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Saint-Saens PCs BIS2400
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Camille Saint-Saëns (1835-1921)
Piano Concerto No. 2 in G minor Op.22 (1868)
Valse-Caprice, Wedding Cake for piano and strings Op.76 (1885)
Allegro appassionato Op.70 (1884)
Piano Concerto No.1 in D major Op.17 (1858)
Rhapsodie d'Auvergne Op.73 (1884)
Africa Op.89 (1891)
Alexandre Kantorow (piano)
Tapiola Sinfonietta/Jean-Jacques Kantorow
rec. 2018-21, Tapiola Hall, Espoo, Finland
BIS BIS-2400 SACD [85]

Recorded in gorgeous sound this well-filled disc is a companion to BIS2300 that features the last three piano concertos (review) and brings together the remaining concertos and the shorter concertante works. Dan Morgan was mightily impressed by the prowess and thoughtful playing of Kantorow as well as the orchestral contribution of the Tapiola players conducted by Jean-Jacques Kantorow and I have to echo that here. This is big-boned, bold playing from all the performers and Kantorow senior is a genuine partner following the often broad rubato of the soloist as if they were one. Perhaps it is best to say here that my only real issue with the playing here is the occasional point-making from the soloist that for me takes the edge off the natural phrasing and flexibility of Saint-Saëns' writing. In the second concerto, recorded most recently of these items in September 2021, it is most apparent in the opening bars where Kantorow lingers over the semiquavers or in the halting phrasing of the dolce cantabile second theme. That is probably my only quibble with the playing however and even in an age where technical prowess is seemingly commonplace the combination of Saint-Saëns and Kantorow produces some extraordinary and exhilarating music making.

The familiar G minor Concerto, quibbles aside, sets the scene and one is rocked between edge-of-your-seat thrills and open mouthed astonishment at the sheer lightness and sure-footed delicacy on display. The presto is taken at a lick that I have seldom encountered but the clarity of the playing is never in doubt. The delicacy continues in the frothy Waltz Caprice, something of a sugary confection but certainly welcome for the sweet-toothed amongst us. Written for just piano and strings it was a wedding present for Saint-Saëns' friend, Liszt pupil Caroline Montigny-Rémaury and is a decorated as its title, Wedding Cake, would suggest. The only relief from this is the second theme where Kantorow makes much of the contrast in texture and swaggers admirably. His ability to find these contrasts shows too in the Allegro appassionata where the dash and vigour of the main body of the piece is set against the lyrical second theme that has a different touch entirely and he marries these two characters effortlessly. This piece was recorded in January 2020 along with Africa and the first Concerto, a piece that I have long enjoyed. Unlike some of his other early works it sounds like Saint-Saëns rather than Mozart or Mendelssohn – both noticeable influences in the early symphonies – and there is some accomplished writing and novel keyboard figurations. Kantorow revels in the youthful exuberance of the writing throughout but it is perhaps the wonderfully imaginative and evocative second movement that impresses most where Kantorow weaves a fine atmosphere out of the gentle harmonic piquancies and delicate cadenzas. This takes nothing away from the easy strength and drive of his octave technique or the buoyancy of his scales in the finale of course.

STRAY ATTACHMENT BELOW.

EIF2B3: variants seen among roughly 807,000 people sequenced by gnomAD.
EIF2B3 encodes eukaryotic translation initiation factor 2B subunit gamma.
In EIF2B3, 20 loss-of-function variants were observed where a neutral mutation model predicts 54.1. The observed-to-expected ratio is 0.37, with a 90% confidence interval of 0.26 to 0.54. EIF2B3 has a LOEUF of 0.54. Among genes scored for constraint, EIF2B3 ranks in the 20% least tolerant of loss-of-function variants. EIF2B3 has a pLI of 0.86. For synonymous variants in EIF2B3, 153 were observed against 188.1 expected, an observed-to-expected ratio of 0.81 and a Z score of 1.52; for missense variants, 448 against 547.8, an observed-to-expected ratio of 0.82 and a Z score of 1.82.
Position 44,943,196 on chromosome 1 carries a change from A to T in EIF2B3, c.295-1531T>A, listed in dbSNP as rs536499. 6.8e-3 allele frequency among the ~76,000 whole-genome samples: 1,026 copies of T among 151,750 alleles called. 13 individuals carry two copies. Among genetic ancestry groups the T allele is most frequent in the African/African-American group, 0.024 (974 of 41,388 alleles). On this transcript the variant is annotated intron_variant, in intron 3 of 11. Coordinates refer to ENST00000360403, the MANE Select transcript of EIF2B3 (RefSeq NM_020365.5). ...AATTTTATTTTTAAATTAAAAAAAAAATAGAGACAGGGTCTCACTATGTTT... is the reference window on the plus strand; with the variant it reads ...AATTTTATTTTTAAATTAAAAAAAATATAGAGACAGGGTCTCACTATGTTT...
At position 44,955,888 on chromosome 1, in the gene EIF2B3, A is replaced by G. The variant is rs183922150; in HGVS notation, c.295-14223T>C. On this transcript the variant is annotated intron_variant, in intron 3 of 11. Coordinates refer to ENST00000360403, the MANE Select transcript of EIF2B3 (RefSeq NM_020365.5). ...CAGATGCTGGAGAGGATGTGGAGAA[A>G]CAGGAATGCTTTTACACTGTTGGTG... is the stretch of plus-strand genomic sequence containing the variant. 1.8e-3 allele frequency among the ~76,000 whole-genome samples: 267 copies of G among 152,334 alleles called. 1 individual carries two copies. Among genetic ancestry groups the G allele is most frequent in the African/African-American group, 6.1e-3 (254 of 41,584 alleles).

The two travelogues Rhapsodie d'Auvergne and Africa complete this recital. Saint-Saëns was obviously fond of both works as he recorded very abbreviated but still astonishing versions of them for G & T in 1904. Much the same astonishment can be found here; Kantorow is as fearless and dramatic as anywhere in this collection and the two works bring the disc to a rousing and utterly satisfying close.

Jean-Pascal Vachon's notes, in English, German and French, are comprehensive and informative and the gatefold sleeve features a 1913 photograph of Saint-Saëns at the piano as Pierre Monteux conducts. As Dan Morgan said of the first volume comparisons with recordings of other pianists are pretty much unnecessary; Hough is wonderful and I love Bernard Chamayou's recording of the second and fifth Concertos (Warner Classics 90295634261) but the exuberance and keen sense of texture and drama on display here makes this a very strong contender and a wonderful showcase of this young French pianist.

Rob Challinor

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